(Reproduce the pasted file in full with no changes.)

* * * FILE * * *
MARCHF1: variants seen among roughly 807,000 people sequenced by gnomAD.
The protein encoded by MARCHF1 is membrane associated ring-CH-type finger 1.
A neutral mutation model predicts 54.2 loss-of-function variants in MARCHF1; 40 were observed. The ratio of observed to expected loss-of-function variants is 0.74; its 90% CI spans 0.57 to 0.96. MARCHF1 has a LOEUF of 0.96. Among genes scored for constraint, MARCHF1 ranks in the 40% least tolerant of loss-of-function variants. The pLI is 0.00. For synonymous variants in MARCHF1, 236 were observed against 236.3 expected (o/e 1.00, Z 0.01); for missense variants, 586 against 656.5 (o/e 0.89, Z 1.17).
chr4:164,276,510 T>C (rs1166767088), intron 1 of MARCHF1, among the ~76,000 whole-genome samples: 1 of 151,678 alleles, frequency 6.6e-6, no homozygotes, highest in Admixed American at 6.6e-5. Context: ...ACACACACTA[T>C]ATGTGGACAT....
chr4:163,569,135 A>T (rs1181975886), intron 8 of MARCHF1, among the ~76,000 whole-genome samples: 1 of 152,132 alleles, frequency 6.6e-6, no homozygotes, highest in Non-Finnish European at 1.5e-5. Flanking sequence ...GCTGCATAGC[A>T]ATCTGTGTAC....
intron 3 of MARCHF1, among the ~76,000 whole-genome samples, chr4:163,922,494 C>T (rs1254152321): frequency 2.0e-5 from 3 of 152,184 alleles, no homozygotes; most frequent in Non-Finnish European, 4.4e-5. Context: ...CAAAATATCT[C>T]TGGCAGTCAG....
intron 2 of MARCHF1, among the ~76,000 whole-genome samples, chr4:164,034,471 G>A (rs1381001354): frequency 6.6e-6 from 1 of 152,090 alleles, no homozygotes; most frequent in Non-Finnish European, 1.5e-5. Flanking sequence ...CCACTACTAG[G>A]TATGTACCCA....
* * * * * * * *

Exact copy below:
MARCHF1: variants seen among roughly 807,000 people sequenced by gnomAD.
The protein encoded by MARCHF1 is membrane associated ring-CH-type finger 1.
A neutral mutation model predicts 54.2 loss-of-function variants in MARCHF1; 40 were observed. The ratio of observed to expected loss-of-function variants is 0.74; its 90% CI spans 0.57 to 0.96. MARCHF1 has a LOEUF of 0.96. Among genes scored for constraint, MARCHF1 ranks in the 40% least tolerant of loss-of-function variants. The pLI is 0.00. For synonymous variants in MARCHF1, 236 were observed against 236.3 expected (o/e 1.00, Z 0.01); for missense variants, 586 against 656.5 (o/e 0.89, Z 1.17).
chr4:164,276,510 T>C (rs1166767088), intron 1 of MARCHF1, among the ~76,000 whole-genome samples: 1 of 151,678 alleles, frequency 6.6e-6, no homozygotes, highest in Admixed American at 6.6e-5. Context: ...ACACACACTA[T>C]ATGTGGACAT....
chr4:163,569,135 A>T (rs1181975886), intron 8 of MARCHF1, among the ~76,000 whole-genome samples: 1 of 152,132 alleles, frequency 6.6e-6, no homozygotes, highest in Non-Finnish European at 1.5e-5. Flanking sequence ...GCTGCATAGC[A>T]ATCTGTGTAC....
intron 3 of MARCHF1, among the ~76,000 whole-genome samples, chr4:163,922,494 C>T (rs1254152321): frequency 2.0e-5 from 3 of 152,184 alleles, no homozygotes; most frequent in Non-Finnish European, 4.4e-5. Context: ...CAAAATATCT[C>T]TGGCAGTCAG....
intron 2 of MARCHF1, among the ~76,000 whole-genome samples, chr4:164,034,471 G>A (rs1381001354): frequency 6.6e-6 from 1 of 152,090 alleles, no homozygotes; most frequent in Non-Finnish European, 1.5e-5. Flanking sequence ...CCACTACTAG[G>A]TATGTACCCA....